Features are a means to an end. Benefits are that end. In the Scrivener example, all those feature-driven bells and whistles ultimately enable you to reach your writing goals. The benefits you experience include greater ease in your work, less stress, greater sense of control and accomplishment, and finally finishing that story/novel/screenplay/dissertation you’ve been working on.

It’s not so different with stories. Your readers may pick up your book thinking that they want adventure, mystery, and magic; but what they really want is the chance to experience something different, be wowed, and find a community of people with whom to share a little piece of themselves in the context of your story. The benefits of reading a story include things like a restoration of faith and hope in humanity, the ability to laugh at ourselves, or a feeling of being understood. Once you understand what your readers really want, you’ll know just what to do to win their hearts.


What I’m {Learning About} Writing:

old mapBecause of my impending move (and the facts that a) we’re still only about halfway through pre-move mini renovations and b) I haven’t packed a darn thing), I have had precious little time to write anything except the things that absolutely must be written: client documents, my bi-weekly column, and my blog posts here at Live to Write – Write to Live.

As my time gets more and more crunched, I’m leaning more and more heavily on my pre-planning process to streamline my writing. I cannot stress enough how much time it saves me if I outline a piece before I sit down to write. I rarely come to the screen without a mind map to guide me, but when I do find myself in that uncomfortable predicament I know I’m in for a long haul.

The beauty of mind mapping is that it helps me figure out what I’m really trying to say. That doesn’t mean, however, that I have to stick to the plan 100%, or that I can’t make some unexpected discovery while I’m writing and pull a 180. Even if the piece I write ends up being wildly different from the mind map, it still helps me immensely to have that jumping off point.

If you don’t typically do any pre-planning and feel like you’re struggling more than you should have to when you sit down to write, you may want to experiment with outlining, mind mapping, or whatever process helps you organize your thoughts. Even if you wind up going in a completely different direction, I can guarantee you that the time you spend planning won’t be wasted.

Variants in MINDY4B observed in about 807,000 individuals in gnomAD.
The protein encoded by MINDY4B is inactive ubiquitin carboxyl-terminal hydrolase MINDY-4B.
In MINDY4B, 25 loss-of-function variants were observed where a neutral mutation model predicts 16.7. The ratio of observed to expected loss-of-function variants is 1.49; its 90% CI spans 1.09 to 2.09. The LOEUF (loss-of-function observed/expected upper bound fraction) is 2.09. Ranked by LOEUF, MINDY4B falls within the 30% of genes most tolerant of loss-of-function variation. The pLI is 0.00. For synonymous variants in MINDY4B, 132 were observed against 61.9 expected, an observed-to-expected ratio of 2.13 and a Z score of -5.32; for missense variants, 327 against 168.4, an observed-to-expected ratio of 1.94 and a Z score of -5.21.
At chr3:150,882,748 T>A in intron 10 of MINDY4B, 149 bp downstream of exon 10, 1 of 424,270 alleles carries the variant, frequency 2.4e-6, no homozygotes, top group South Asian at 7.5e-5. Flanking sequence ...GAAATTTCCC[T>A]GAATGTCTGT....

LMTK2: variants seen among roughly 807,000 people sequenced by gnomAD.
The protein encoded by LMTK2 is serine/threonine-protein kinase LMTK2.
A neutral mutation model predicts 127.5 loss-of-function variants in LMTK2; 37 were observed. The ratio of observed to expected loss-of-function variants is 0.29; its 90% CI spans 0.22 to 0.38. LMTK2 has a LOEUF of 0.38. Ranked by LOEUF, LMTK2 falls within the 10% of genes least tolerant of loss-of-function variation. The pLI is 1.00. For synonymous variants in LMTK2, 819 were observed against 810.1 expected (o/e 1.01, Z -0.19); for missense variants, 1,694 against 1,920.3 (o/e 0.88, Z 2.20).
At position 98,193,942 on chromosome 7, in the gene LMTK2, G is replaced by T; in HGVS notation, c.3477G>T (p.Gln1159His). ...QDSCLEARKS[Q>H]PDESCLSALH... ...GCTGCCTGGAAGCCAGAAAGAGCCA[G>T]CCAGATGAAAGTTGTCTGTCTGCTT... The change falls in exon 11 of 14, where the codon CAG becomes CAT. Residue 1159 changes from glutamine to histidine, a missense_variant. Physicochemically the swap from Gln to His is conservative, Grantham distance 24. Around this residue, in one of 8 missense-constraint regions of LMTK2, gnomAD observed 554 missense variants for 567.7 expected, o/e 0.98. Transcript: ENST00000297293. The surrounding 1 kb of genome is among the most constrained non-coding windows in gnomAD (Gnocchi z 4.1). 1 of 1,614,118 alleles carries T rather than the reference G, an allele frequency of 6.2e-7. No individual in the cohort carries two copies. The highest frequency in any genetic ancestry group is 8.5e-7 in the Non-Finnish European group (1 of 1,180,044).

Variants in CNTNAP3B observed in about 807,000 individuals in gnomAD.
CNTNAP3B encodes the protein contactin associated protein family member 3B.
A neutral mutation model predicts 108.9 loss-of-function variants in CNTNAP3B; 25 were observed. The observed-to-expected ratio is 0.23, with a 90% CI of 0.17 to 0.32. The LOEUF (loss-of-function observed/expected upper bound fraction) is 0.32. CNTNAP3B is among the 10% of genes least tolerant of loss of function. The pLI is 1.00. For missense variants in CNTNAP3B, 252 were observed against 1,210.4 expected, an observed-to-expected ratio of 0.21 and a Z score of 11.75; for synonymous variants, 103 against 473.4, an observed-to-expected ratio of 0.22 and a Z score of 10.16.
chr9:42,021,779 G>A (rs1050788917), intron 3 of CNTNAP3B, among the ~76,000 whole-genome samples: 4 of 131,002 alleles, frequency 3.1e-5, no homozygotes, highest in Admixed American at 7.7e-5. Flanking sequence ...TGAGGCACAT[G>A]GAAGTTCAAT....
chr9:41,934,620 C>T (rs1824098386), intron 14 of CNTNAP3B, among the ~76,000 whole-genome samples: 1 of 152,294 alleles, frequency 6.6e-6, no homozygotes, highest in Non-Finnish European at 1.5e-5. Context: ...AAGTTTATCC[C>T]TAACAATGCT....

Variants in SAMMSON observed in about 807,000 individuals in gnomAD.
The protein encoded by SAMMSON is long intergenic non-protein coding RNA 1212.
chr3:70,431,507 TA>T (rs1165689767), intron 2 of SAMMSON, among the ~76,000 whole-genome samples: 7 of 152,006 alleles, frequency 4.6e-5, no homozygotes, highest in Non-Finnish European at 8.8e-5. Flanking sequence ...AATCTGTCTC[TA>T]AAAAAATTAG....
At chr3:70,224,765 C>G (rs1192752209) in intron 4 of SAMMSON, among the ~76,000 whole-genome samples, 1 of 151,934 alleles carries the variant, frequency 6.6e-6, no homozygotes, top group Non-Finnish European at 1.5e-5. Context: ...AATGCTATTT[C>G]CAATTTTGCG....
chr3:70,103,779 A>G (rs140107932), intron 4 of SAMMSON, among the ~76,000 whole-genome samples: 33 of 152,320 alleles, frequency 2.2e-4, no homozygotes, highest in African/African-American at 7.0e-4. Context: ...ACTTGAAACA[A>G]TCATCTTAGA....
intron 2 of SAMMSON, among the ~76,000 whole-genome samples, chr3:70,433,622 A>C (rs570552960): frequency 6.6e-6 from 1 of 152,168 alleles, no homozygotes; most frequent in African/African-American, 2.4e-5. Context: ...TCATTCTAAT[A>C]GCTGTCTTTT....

What I’m Reading Listening To:

magic lessons podcastI’m about a third of the way through a (so far) fabulous novel, but I won’t share that until I’ve finished it. In the meantime, I’ve been listening to the new Magic Lessons podcast from author/speaker Elizabeth Gilbert of Eat, Love, Pray fame.

I have not read Eat, Pray, Love. I had a copy once, and I tried to read it several times, but I just couldn’t get into it. Despite not being a fan of her most well known book, I have enjoyed several of Gilbert’s talks, including this interview about creativity, writing and saying no, and her conversation with Oprah about why curiosity trumps passion.

The Magic Lessons podcast is part of Gilbert’s promotion for her new book, Big Magic, due out on September 22nd. The book promises to deliver “potent insights into the mysterious nature of inspiration” and crack open “a world of wonder and joy.” The podcast is her continuation of the conversation around the book’s themes of creativity, inspiration, and how to balance live our most creative lives.

I have to admit that I’m curious about the book, but a little on the fence about the podcast. I am inspired by and agree with much of what Gilbert says, but the delivery involves a few too many “honeys” and “sweethearts” and an overriding flavor of art-as-therapy that kind of turns me off. Though she seems empathetic with the artists she speaks to on her podcast, there is something the way she addresses them that gives me a sense of condescending coddling.

That said, I think my reaction may be due to my baggage about my own creative life; but that’s another conversation for another day.

Despite my mixed feelings about Magic Lessons, I encourage you to give it a listen. I’d be very interested to hear what you think, and – if you’re so inclined – I welcome any amateur psychoanalysis of my knee-jerk aversion to the character of the conversations.